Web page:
UK Takes 2nd in International Tractor Competition
LEXINGTON, Ky., (July 13, 2011) – University of Kentucky College of Agriculture students recently claimed high honors in an international quarter-scale tractor competition in Peoria, Ill.
The team, made up of undergraduate students, entered a quarter-scale tractor they designed and built with oversight from their faculty advisers. It was UK’s 13th-straight entry in the 14-year-old competition sponsored by the American Society of Agricultural and Biological Engineers. The team took second place overall and brought home first overall in the design portion of the competition.
Team members were Jordan Cook, Mt. Vernon; Chance Corum, Lewisburg; John Evans and Silas Gray, Lexington; Nick Rhea, Franklin and Andy Watson, Flemingsburg. Faculty advisors were Scott Shearer, Tim Smith and Carl King.
“I have thoroughly enjoyed working with students over the past 13 years to field entries to ASABE’s Quarter-Scale Tractor Design Competition,” Shearer said. “UK has a long tradition of designing, building and testing highly competitive pulling tractors.”
The American Society of Agricultural and Biological Engineers describes the event as a competition that provides university students with a "360-degree" design experience, unique among collegiate vehicle-design competitions, in which they must build a tractor from the ground up, documenting their market research, testing and development; presenting their design to a mock corporate management team; and demonstrating performance in a live tractor pull. Each team is supplied a 16-horsepower Briggs & Stratton engine and a set of tires; they are responsible for acquiring all other components of their machines. All tractors run on a 10-percent ethanol fuel blend.
“Consistently doing well at this competition motivates the team to continue to improve and build a more competitive tractor each year,” said Christina Lyvers, former team member, now graduate adviser. “Team members feel it is their duty to learn as much as possible, build the best tractor and to continue the Wildcat pulling legacy.”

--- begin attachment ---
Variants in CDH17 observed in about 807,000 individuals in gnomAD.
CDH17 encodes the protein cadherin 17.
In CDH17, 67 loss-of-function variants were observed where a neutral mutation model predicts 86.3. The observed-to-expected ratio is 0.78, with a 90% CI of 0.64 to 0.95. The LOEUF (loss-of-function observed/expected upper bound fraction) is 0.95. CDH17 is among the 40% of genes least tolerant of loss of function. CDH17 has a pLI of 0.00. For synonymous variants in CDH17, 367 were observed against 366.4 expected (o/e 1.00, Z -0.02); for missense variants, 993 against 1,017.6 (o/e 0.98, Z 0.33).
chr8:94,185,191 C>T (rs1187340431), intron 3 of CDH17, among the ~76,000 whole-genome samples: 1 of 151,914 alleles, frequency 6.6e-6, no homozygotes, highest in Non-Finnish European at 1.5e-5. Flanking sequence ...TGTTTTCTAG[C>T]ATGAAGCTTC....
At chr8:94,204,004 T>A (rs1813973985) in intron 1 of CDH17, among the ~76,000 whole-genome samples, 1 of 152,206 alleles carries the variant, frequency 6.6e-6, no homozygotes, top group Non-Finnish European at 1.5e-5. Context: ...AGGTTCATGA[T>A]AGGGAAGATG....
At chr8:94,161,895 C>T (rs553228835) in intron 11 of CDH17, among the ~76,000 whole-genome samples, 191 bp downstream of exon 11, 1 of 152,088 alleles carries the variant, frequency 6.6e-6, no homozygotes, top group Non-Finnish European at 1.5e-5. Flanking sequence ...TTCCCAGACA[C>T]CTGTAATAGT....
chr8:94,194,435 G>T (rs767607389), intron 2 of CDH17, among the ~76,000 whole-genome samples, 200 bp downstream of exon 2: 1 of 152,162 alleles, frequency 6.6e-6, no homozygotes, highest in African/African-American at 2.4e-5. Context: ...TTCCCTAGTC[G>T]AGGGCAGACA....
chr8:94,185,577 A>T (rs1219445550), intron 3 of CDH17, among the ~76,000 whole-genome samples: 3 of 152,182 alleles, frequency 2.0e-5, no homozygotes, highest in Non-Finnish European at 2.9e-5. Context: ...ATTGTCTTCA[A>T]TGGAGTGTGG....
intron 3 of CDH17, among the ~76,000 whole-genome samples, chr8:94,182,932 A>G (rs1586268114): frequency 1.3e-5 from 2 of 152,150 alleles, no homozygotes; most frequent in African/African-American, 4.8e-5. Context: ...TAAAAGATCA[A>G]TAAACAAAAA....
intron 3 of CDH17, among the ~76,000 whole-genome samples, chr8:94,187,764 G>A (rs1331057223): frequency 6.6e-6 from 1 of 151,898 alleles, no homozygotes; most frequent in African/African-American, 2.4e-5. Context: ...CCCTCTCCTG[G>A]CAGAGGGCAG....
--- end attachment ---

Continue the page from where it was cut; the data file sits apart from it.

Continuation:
Features of the 2011 UK entry included a 31 horsepower Briggs & Stratton Vanguard engine, continuously variable transmission, Trakside—quick-change transaxle, and on-board, radio-transmitted data acquisition.
“Participating in the competition allows us as students to learn how to work in a group on an engineering design project,” said team member Andy Watson. “We were also able to learn all of the different aspects of a project from design to production. I think having the hands-on experience is going to be very valuable in my future career.”
Team members were not all BAE majors, and while designing this year’s entry taught them a lot about engineering, it also had value in other areas.
“Being a part of this team is not just for engineering students,” said Jordan Cook. "As an agricultural economics student, I was able to help the team with the marketing and cost analysis sections of the competition. Being on a design team has helped me to understand better the design process used by engineers and the thinking behind the designs. In the future this kind of knowledge can help me to be able to more successfully market products in industry.”
“Once again, our students have outdone themselves,” Shearer said. “They were excellent ambassadors of the university and should be proud of their professionalism and deportment. I hope this year’s team will look back on the 2011 competition with fond memories of the camaraderie and teamwork that evolved. I know I will.”
Corporate sponsors for the competition were AGCO, Briggs & Stratton, Case IH, Deere & Company, New Holland, SolidWorks and Titan International. Additional support is provided by Campbell Scientific, Inc., GSI Grain Systems, Caterpillar, Katie McDonald Photography, Claas, RCI Engineering, Advanced Technology Services, Central City Scale, igus Inc., Miller Electric Manufacturing, Star Equipment, Kentucky Corn Growers Association, Holy Cow Motorsports, Walz Scale, Midwest Super Cub, Birkey’s Farm Store, and Kelly Sauder Rupper.
The American Society of Agricultural and Biological Engineers is a professional and technical organization dedicated to the advancement of engineering applicable to agricultural, food, and biological systems. Members are consultants, managers and others who have the training and experience to understand the interrelationships between technology and living systems. Founded in 1907 and headquartered in St Joseph, Mich., the society comprises 9,000 members from more than 100 countries.
MEDIA CONTACT: Aimee Nielson, (859) 257-7707; Carl Nathe, (859) 257-3200.